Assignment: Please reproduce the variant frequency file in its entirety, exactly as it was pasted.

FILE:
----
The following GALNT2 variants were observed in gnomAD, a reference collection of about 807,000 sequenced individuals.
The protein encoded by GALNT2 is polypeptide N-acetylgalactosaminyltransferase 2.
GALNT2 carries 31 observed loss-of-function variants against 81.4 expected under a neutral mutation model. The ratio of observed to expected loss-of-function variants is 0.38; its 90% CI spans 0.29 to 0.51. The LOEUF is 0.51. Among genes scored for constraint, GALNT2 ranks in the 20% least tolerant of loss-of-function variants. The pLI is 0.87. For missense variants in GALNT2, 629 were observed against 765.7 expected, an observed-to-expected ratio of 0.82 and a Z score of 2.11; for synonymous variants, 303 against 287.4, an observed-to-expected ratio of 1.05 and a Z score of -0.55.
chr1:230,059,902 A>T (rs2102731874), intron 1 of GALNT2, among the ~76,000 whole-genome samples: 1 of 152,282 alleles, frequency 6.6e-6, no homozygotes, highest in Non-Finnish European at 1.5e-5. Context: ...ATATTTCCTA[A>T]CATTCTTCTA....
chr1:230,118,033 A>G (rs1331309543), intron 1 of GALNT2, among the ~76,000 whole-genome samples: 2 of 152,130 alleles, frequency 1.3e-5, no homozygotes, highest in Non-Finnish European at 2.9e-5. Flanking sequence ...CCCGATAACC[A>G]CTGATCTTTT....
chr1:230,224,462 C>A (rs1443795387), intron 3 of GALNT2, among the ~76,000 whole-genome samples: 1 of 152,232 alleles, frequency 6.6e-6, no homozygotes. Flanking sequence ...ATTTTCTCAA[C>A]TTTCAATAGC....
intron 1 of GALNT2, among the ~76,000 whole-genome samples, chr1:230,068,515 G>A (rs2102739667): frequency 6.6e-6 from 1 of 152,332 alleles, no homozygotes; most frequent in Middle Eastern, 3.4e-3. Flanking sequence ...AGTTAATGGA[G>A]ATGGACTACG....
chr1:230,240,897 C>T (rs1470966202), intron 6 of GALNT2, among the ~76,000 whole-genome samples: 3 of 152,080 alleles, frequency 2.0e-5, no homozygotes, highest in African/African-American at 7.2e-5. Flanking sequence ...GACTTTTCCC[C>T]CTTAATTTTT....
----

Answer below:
The following GALNT2 variants were observed in gnomAD, a reference collection of about 807,000 sequenced individuals.
The protein encoded by GALNT2 is polypeptide N-acetylgalactosaminyltransferase 2.
GALNT2 carries 31 observed loss-of-function variants against 81.4 expected under a neutral mutation model. The ratio of observed to expected loss-of-function variants is 0.38; its 90% CI spans 0.29 to 0.51. The LOEUF is 0.51. Among genes scored for constraint, GALNT2 ranks in the 20% least tolerant of loss-of-function variants. The pLI is 0.87. For missense variants in GALNT2, 629 were observed against 765.7 expected, an observed-to-expected ratio of 0.82 and a Z score of 2.11; for synonymous variants, 303 against 287.4, an observed-to-expected ratio of 1.05 and a Z score of -0.55.
chr1:230,059,902 A>T (rs2102731874), intron 1 of GALNT2, among the ~76,000 whole-genome samples: 1 of 152,282 alleles, frequency 6.6e-6, no homozygotes, highest in Non-Finnish European at 1.5e-5. Context: ...ATATTTCCTA[A>T]CATTCTTCTA....
chr1:230,118,033 A>G (rs1331309543), intron 1 of GALNT2, among the ~76,000 whole-genome samples: 2 of 152,130 alleles, frequency 1.3e-5, no homozygotes, highest in Non-Finnish European at 2.9e-5. Flanking sequence ...CCCGATAACC[A>G]CTGATCTTTT....
chr1:230,224,462 C>A (rs1443795387), intron 3 of GALNT2, among the ~76,000 whole-genome samples: 1 of 152,232 alleles, frequency 6.6e-6, no homozygotes. Flanking sequence ...ATTTTCTCAA[C>A]TTTCAATAGC....
intron 1 of GALNT2, among the ~76,000 whole-genome samples, chr1:230,068,515 G>A (rs2102739667): frequency 6.6e-6 from 1 of 152,332 alleles, no homozygotes; most frequent in Middle Eastern, 3.4e-3. Flanking sequence ...AGTTAATGGA[G>A]ATGGACTACG....
chr1:230,240,897 C>T (rs1470966202), intron 6 of GALNT2, among the ~76,000 whole-genome samples: 3 of 152,080 alleles, frequency 2.0e-5, no homozygotes, highest in African/African-American at 7.2e-5. Flanking sequence ...GACTTTTCCC[C>T]CTTAATTTTT....